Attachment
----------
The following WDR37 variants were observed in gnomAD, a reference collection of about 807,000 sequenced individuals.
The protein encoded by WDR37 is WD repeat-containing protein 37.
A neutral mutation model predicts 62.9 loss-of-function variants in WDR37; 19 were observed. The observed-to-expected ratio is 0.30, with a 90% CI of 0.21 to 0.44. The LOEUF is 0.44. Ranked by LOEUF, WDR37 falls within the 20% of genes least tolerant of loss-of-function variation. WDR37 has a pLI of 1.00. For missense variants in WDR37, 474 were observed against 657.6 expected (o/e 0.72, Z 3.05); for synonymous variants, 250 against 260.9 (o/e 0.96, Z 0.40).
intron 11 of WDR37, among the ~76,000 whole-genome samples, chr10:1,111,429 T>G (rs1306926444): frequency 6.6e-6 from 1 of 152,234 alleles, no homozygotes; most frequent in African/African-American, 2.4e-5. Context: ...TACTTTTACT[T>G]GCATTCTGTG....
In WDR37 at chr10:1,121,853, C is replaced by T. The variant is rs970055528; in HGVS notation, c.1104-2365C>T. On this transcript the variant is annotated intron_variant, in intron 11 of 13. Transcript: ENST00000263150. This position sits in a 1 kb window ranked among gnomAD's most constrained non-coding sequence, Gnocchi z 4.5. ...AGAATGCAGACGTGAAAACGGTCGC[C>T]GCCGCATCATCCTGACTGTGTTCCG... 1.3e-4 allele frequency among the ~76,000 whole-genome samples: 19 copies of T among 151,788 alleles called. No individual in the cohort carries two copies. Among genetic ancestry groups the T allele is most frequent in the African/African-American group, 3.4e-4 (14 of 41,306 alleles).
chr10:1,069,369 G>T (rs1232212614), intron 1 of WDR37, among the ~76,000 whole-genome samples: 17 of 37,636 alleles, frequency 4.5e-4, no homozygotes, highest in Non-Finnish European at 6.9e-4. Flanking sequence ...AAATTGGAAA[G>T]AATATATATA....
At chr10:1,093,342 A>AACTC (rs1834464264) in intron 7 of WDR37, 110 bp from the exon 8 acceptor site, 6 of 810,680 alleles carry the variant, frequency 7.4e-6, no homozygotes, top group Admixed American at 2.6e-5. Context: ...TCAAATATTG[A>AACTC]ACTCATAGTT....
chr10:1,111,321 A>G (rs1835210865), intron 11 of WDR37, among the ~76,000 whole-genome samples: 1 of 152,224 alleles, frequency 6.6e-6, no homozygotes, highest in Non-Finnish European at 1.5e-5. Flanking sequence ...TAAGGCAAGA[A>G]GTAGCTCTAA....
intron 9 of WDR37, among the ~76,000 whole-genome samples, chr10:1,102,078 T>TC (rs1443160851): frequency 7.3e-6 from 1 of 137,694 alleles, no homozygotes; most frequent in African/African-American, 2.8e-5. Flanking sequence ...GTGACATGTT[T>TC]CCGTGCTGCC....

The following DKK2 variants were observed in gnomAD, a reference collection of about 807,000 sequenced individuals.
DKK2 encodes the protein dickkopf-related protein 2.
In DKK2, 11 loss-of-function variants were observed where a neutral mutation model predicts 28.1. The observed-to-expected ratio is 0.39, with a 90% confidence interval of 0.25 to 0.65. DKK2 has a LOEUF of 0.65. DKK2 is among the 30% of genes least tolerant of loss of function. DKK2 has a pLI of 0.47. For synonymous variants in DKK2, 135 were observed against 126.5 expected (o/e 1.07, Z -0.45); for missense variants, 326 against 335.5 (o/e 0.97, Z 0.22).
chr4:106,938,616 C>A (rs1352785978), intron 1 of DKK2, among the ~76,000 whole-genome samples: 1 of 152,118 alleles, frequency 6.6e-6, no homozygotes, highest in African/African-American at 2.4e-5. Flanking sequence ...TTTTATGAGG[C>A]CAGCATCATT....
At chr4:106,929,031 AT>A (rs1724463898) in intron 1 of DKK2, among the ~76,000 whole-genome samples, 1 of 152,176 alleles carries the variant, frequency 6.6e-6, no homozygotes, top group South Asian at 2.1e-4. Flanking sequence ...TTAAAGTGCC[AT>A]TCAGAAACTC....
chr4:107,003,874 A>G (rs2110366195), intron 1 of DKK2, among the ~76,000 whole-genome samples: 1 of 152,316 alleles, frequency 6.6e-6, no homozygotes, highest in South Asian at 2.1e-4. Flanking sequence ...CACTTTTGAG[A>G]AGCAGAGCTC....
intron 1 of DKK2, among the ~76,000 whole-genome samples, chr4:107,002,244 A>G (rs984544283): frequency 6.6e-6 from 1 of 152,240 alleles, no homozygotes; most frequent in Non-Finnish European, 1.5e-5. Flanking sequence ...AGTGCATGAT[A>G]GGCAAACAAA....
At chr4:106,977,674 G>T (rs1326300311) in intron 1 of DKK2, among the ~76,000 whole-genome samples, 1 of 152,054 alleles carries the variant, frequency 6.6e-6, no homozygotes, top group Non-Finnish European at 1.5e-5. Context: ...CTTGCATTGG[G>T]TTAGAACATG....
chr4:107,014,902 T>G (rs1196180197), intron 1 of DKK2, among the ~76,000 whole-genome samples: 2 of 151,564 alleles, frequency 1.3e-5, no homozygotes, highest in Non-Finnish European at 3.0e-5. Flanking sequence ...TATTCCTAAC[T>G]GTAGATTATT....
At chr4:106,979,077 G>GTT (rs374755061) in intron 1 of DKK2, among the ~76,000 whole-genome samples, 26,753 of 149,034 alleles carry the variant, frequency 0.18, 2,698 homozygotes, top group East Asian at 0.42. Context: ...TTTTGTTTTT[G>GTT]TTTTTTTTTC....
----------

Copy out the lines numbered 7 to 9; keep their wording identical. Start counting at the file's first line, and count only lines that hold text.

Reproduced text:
At chr10:1,093,342 A>AACTC (rs1834464264) in intron 7 of WDR37, 110 bp from the exon 8 acceptor site, 6 of 810,680 alleles carry the variant, frequency 7.4e-6, no homozygotes, top group Admixed American at 2.6e-5. Context: ...TCAAATATTG[A>AACTC]ACTCATAGTT....
chr10:1,111,321 A>G (rs1835210865), intron 11 of WDR37, among the ~76,000 whole-genome samples: 1 of 152,224 alleles, frequency 6.6e-6, no homozygotes, highest in Non-Finnish European at 1.5e-5. Flanking sequence ...TAAGGCAAGA[A>G]GTAGCTCTAA....
intron 9 of WDR37, among the ~76,000 whole-genome samples, chr10:1,102,078 T>TC (rs1443160851): frequency 7.3e-6 from 1 of 137,694 alleles, no homozygotes; most frequent in African/African-American, 2.8e-5. Flanking sequence ...GTGACATGTT[T>TC]CCGTGCTGCC....